http://www.airforce-magazine.com/MagazineArchive/Pages/1991/June%201991/0691valor.aspx
http://ranger95.com/airforce/af_groups/operations_gp/28th_og.htm
http://www.findagrave.com/cgi-bin/fg.cgi?page=gr&GRid=49176899
   
 Photo Album   (More...



World War II
Start Year
1941
End Year
1945

Description
Overview of World War II 

World War II killed more people, involved more nations, and cost more money than any other war in history. Altogether, 70 million people served in the armed forces during the war, and 17 million combatants died. Civilian deaths were ever greater. At least 19 million Soviet civilians, 10 million Chinese, and 6 million European Jews lost their lives during the war.

World War II was truly a global war. Some 70 nations took part in the conflict, and fighting took place on the continents of Africa, Asia, and Europe, as well as on the high seas. Entire societies participated as soldiers or as war workers, while others were persecuted as victims of occupation and mass murder.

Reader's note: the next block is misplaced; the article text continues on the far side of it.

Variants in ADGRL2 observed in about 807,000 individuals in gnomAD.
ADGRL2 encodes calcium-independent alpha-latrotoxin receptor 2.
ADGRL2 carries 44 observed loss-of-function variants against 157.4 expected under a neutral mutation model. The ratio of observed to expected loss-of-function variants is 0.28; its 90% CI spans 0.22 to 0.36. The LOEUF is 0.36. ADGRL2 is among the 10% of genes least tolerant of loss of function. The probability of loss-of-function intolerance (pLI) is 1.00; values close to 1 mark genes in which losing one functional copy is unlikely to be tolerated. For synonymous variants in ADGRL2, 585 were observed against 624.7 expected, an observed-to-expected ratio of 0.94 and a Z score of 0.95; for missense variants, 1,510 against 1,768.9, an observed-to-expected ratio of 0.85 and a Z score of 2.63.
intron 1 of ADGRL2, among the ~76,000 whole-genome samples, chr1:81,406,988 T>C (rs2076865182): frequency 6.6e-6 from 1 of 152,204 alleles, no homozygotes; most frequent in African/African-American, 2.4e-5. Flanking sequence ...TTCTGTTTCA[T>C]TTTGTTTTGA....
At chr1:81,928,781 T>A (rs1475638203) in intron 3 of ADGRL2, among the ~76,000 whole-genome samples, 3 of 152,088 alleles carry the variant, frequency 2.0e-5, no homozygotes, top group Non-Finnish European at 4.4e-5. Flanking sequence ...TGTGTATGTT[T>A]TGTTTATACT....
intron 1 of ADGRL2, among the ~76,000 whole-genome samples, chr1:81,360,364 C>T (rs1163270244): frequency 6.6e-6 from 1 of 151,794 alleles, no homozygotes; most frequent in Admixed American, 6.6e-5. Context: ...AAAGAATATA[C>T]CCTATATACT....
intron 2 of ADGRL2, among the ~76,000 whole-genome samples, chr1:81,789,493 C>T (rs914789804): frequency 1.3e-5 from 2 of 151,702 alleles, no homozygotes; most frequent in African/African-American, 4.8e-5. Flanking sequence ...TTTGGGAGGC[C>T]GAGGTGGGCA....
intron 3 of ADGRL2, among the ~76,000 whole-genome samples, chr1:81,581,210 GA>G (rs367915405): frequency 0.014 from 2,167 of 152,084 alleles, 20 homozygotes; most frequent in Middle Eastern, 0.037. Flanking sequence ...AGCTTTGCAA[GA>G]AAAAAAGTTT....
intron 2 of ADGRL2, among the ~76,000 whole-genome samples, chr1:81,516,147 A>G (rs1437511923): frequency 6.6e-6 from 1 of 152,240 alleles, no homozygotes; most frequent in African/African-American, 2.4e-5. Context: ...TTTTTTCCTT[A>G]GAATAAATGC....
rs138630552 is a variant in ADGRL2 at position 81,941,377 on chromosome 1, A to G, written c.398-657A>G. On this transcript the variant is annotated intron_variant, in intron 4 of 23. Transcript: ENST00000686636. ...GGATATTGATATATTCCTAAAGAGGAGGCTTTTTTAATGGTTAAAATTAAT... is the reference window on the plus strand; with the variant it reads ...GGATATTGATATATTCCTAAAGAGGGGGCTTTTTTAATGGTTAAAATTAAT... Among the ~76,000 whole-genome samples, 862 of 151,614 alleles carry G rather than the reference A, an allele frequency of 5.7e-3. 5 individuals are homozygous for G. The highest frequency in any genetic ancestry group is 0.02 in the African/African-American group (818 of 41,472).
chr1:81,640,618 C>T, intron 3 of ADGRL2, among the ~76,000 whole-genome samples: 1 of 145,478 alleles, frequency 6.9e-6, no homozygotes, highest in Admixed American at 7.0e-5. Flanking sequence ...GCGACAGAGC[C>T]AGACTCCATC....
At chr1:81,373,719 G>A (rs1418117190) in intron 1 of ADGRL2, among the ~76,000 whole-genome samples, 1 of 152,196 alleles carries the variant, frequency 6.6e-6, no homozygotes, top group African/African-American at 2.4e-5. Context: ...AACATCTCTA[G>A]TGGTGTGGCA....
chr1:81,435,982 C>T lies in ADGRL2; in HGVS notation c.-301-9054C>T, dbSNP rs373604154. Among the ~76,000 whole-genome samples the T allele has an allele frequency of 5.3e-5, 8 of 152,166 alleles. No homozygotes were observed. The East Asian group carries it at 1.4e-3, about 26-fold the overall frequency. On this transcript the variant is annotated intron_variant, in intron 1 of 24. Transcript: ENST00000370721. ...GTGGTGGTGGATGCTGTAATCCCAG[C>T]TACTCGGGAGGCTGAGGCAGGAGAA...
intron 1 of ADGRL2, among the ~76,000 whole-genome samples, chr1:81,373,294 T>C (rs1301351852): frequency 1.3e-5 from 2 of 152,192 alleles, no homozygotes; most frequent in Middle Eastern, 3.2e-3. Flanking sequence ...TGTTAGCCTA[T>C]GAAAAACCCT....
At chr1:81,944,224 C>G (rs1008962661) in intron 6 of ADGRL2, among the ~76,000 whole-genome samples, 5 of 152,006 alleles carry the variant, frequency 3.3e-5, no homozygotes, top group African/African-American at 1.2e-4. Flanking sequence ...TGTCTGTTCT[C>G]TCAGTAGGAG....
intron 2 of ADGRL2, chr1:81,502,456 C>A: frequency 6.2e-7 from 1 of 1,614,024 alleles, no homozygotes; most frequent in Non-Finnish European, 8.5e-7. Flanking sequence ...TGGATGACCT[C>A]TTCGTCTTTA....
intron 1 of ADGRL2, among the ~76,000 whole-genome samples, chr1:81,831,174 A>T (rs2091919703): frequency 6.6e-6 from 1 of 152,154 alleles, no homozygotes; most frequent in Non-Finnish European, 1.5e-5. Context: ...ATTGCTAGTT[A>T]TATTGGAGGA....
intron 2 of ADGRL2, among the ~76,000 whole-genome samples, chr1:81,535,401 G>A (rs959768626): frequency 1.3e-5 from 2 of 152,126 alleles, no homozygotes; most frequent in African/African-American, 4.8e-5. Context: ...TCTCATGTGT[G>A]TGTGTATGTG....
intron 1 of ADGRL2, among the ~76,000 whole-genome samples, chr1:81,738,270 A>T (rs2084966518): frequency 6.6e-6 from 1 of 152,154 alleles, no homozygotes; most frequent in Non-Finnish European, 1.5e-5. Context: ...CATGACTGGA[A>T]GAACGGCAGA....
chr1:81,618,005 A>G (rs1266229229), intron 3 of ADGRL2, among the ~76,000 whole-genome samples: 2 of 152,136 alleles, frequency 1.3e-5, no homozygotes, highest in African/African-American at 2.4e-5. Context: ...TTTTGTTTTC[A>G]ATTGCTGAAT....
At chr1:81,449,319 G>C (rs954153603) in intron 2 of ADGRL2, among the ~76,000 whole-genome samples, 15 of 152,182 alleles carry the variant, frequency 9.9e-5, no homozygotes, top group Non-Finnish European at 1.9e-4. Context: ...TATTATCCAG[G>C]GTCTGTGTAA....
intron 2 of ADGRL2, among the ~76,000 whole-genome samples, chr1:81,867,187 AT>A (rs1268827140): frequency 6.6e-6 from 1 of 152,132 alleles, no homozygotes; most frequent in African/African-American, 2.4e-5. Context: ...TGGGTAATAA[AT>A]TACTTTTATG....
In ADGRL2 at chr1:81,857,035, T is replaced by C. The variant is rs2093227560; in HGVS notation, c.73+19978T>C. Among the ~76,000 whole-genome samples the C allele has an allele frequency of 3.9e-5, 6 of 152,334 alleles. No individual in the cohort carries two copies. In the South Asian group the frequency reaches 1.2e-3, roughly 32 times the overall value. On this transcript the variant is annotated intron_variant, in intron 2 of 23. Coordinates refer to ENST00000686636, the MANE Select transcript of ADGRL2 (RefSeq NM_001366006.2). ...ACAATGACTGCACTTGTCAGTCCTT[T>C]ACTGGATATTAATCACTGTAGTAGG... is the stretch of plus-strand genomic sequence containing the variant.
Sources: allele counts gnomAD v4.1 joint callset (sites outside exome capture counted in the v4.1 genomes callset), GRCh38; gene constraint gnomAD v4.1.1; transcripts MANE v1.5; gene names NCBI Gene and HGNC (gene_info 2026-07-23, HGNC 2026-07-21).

World War II cost the United States a million causalities and nearly 400,000 deaths. In both domestic and foreign affairs, its consequences were far-reaching. It ended the Depression, brought millions of married women into the workforce, initiated sweeping changes in the lives of the nation's minority groups, and dramatically expanded government's presence in American life.

The War at Home & Abroad

On September 1, 1939, World War II started when Germany invaded Poland. By November 1942, the Axis powers controlled territory from Norway to North Africa and from France to the Soviet Union. After defeating the Axis in North Africa in May 1941, the United States and its Allies invaded Sicily in July 1943 and forced Italy to surrender in September. On D-Day, June 6, 1944, the Allies landed in Northern France. In December, a German counteroffensive (the Battle of the Bulge) failed. Germany surrendered in May 1945.